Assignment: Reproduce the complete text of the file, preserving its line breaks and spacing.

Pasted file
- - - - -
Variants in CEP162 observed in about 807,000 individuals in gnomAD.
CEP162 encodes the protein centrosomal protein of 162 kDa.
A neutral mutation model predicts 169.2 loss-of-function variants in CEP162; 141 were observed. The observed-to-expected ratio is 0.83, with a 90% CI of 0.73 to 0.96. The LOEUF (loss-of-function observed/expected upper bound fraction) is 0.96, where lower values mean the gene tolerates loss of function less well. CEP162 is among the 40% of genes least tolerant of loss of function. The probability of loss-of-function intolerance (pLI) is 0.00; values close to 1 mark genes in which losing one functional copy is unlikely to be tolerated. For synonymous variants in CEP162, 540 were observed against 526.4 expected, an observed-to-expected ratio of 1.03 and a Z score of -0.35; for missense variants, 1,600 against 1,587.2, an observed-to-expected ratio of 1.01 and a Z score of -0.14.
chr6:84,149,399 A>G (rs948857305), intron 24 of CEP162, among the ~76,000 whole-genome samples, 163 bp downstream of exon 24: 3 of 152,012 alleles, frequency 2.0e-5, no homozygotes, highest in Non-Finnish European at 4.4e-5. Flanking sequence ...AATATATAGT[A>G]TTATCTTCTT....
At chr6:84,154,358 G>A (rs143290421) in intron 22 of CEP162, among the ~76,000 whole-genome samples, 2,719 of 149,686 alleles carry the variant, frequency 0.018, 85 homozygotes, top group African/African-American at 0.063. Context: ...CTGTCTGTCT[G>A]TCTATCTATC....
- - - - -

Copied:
Variants in CEP162 observed in about 807,000 individuals in gnomAD.
CEP162 encodes the protein centrosomal protein of 162 kDa.
A neutral mutation model predicts 169.2 loss-of-function variants in CEP162; 141 were observed. The observed-to-expected ratio is 0.83, with a 90% CI of 0.73 to 0.96. The LOEUF (loss-of-function observed/expected upper bound fraction) is 0.96, where lower values mean the gene tolerates loss of function less well. CEP162 is among the 40% of genes least tolerant of loss of function. The probability of loss-of-function intolerance (pLI) is 0.00; values close to 1 mark genes in which losing one functional copy is unlikely to be tolerated. For synonymous variants in CEP162, 540 were observed against 526.4 expected, an observed-to-expected ratio of 1.03 and a Z score of -0.35; for missense variants, 1,600 against 1,587.2, an observed-to-expected ratio of 1.01 and a Z score of -0.14.
chr6:84,149,399 A>G (rs948857305), intron 24 of CEP162, among the ~76,000 whole-genome samples, 163 bp downstream of exon 24: 3 of 152,012 alleles, frequency 2.0e-5, no homozygotes, highest in Non-Finnish European at 4.4e-5. Flanking sequence ...AATATATAGT[A>G]TTATCTTCTT....
At chr6:84,154,358 G>A (rs143290421) in intron 22 of CEP162, among the ~76,000 whole-genome samples, 2,719 of 149,686 alleles carry the variant, frequency 0.018, 85 homozygotes, top group African/African-American at 0.063. Context: ...CTGTCTGTCT[G>A]TCTATCTATC....